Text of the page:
Cerises à l’eau de vie

cherries in brandy 2

Cherries in brandy

This is a simple way to preserve cherries while they’re in season and enjoy them throughout the rest of the year. Follow the steps, label your jars with the month and year, and put them away in a dark place like a cupboard. Forget about them for a few months — say until Christmas — and then remember what a treat you have waiting to be opened.

In France, it is easy to find eau de vie pour fruits, a flavorless distillation that clocks in at 38 percent alcohol content. If this is not available where you live, I’d suggest using a bland vodka — or any brandy, cognac, armagnac or grappa.

As for the cherries, go for a not-too-sweet variety. The Rainier cherries pictured above work well, as do red bing cherries and morello sour cherries.

cherries in brandy 1You will also need jars that can be hermetically sealed, preferably with a rubber ring, as shown in the photo. The recipe is for 2 one-pint jars.

1 pound fresh cherries
1-3/4 cup (400 ml) eau de vie, vodka or brandy
4 tbsp. white sugar

Make sure your jars are clean and dry. If you rinse the cherries, allow them to dry before beginning.

cherries in brandy 3Snip off the ends of the cherry stems, leaving about 1/2 inch (1.5 cm) of stem. The stems add a delightful nutty flavor to the finished product.

cherries in brandy 5Pack the cherries into the jars, leaving a little space at the top. Fill the jars with the alcohol. Add 2 tbsp. sugar to each jar.

Seal the jars and give them a shake. It will take about 24 hours for the sugar to dissolve completely. To help this process along, shake the jars from time to time, turning them upside down and back again. When the sugar has completely dissolved, label your jars and put them away for at least three months.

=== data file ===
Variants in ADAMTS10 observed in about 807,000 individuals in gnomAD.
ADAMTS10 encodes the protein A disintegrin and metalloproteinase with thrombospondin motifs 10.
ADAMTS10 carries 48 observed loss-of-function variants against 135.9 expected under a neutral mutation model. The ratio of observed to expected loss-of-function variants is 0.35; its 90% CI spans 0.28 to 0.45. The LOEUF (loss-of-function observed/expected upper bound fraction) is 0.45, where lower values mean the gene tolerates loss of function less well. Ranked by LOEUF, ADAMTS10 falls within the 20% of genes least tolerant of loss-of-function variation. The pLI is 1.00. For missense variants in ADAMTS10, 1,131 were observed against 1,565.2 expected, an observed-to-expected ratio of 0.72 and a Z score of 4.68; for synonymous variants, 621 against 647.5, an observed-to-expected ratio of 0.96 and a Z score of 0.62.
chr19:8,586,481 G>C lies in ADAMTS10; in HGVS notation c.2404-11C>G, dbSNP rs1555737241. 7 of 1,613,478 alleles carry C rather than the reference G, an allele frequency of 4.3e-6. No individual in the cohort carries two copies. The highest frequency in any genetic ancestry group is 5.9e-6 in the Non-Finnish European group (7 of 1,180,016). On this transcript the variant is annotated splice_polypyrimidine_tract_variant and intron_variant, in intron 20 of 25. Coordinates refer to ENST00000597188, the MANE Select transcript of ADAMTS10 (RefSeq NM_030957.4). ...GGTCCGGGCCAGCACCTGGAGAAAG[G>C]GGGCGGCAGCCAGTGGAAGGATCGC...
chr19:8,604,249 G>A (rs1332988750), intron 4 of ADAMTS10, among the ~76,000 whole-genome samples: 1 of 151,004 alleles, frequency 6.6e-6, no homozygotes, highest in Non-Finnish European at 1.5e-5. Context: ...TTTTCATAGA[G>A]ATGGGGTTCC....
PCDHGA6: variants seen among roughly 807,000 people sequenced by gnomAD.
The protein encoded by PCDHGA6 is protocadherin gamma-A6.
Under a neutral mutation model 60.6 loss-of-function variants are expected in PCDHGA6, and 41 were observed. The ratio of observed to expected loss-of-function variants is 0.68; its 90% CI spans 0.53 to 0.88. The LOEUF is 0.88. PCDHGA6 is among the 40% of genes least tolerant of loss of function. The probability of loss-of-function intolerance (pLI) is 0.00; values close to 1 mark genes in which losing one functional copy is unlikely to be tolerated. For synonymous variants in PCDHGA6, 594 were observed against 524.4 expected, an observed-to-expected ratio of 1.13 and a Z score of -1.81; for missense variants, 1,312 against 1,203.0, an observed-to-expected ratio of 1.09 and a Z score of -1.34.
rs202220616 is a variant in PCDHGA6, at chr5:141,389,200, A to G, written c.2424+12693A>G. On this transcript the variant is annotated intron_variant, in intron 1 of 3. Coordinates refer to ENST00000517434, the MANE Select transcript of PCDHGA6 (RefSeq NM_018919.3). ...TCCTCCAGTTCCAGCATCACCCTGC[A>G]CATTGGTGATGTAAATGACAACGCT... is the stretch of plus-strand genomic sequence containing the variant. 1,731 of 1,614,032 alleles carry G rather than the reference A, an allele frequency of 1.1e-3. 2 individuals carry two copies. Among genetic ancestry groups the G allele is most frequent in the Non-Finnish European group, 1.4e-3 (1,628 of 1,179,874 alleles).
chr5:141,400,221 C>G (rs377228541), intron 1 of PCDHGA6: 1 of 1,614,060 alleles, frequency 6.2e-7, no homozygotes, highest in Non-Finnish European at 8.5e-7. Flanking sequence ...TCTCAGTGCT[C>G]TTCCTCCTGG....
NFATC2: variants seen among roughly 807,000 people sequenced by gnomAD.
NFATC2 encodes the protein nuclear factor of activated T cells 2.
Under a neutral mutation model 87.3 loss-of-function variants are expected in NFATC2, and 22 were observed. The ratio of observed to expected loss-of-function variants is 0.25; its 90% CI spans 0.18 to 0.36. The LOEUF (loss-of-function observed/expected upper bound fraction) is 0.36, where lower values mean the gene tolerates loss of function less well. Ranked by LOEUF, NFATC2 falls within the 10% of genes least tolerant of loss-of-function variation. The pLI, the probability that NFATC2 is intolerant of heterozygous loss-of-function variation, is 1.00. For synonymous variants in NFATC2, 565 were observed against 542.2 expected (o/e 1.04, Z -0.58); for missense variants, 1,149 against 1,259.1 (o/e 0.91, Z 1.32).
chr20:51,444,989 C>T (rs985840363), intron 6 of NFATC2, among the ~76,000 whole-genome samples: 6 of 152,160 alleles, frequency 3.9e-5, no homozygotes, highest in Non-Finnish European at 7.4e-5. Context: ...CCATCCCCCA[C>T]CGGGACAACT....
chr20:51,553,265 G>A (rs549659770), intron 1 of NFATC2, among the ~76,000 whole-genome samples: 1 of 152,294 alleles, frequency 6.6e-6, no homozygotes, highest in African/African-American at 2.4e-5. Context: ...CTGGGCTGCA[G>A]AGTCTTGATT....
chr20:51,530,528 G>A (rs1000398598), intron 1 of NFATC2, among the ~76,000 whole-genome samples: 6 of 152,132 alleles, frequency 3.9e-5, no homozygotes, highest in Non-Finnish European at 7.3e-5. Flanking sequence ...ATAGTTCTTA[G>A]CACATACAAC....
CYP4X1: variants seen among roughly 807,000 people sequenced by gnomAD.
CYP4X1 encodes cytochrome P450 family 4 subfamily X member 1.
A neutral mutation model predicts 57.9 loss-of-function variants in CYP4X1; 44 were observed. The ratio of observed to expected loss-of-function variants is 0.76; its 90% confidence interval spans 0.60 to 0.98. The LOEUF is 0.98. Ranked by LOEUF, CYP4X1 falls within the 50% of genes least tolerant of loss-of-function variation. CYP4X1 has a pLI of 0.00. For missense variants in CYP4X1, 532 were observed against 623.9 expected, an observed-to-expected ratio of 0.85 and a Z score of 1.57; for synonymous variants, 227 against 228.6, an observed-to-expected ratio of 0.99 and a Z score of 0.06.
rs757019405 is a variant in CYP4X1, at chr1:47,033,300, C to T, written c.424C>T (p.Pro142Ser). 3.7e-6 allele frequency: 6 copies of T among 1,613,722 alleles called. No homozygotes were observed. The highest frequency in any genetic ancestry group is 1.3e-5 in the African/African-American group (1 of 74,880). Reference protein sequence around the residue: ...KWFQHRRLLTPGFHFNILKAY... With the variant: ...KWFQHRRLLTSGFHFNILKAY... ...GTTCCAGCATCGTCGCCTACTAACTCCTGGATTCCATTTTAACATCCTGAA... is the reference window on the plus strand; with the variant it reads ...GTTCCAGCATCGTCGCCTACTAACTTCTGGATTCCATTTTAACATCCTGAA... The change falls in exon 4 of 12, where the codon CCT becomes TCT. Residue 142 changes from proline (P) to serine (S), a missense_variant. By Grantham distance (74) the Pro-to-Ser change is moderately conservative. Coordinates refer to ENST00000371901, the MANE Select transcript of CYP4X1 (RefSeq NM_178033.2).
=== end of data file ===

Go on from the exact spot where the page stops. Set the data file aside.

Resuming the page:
cherries in brandy 4Serve the cherries on their own in pretty glasses, or over vanilla ice cream for a special dessert. Serves many, and also makes a wonderful gift.


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19 Responses to Cerises à l’eau de vie

  1. Jeff Chambers says:

    The best cherry liqueur I have ever tasted was Maraschin which was part of a fruit cocktail my wife and I had in France. I would like to have a go at making it as we have already tried Pruneaux d’Agen in Armagnac and sloe gin (with varying success).
    To this end I bought some eau de vie pour fruits for the project on our last trip to Carrefour :-). I want to make a bitter cherry liqueur rather than the richer kirsch type and understand that marasca cherries are the proper choice for that.
    However, I am concerned about the amygdalin in the pits turning into cyanide in the process. The recipes above seem to involve the pitted fruits, but I think Maraschino liqueur comes from the pits only and not the fruit. I ‘think’ the pits are crushed. But, if they are crushed that will surely multiply the chances of producing hydrogen cyanide? Or are they used whole?

    Any advice welcome. Thanks, Jeff.

    • Meg says:

      Hi Jeff. The recipe above is for whole cherries — not pitted! If that’s not clear I should amend the text. The cherries (any variety, but in my opinion less sweet = better) will remain more firm and hold their shape better if left whole.

      And no, you will not get cyanide poisoning from the pits, as long as you don’t eat them! Another reader wrote in with the same good question some years back and here’s what I told her:

      “Your question piqued my curiosity, so I looked into the matter and was surprised to find that cherry pits, and other fruit pits, contain a chemical that gets converted to cyanide if ingested. But the chemical will not be released if the pit remains intact. Even if you swallow a pit accidentally, it will not harm you.

      “Science aside, I have been making cherries (and plums) in brandy for decades and have suffered no ill effects, except for the occasional hangover if too much brandy is consumed!”

      Just fyi, marasca cherries may be hard to find in France. A common variety I’ve often used with success is the griotte. Good luck with the recipe. This is the perfect time of year!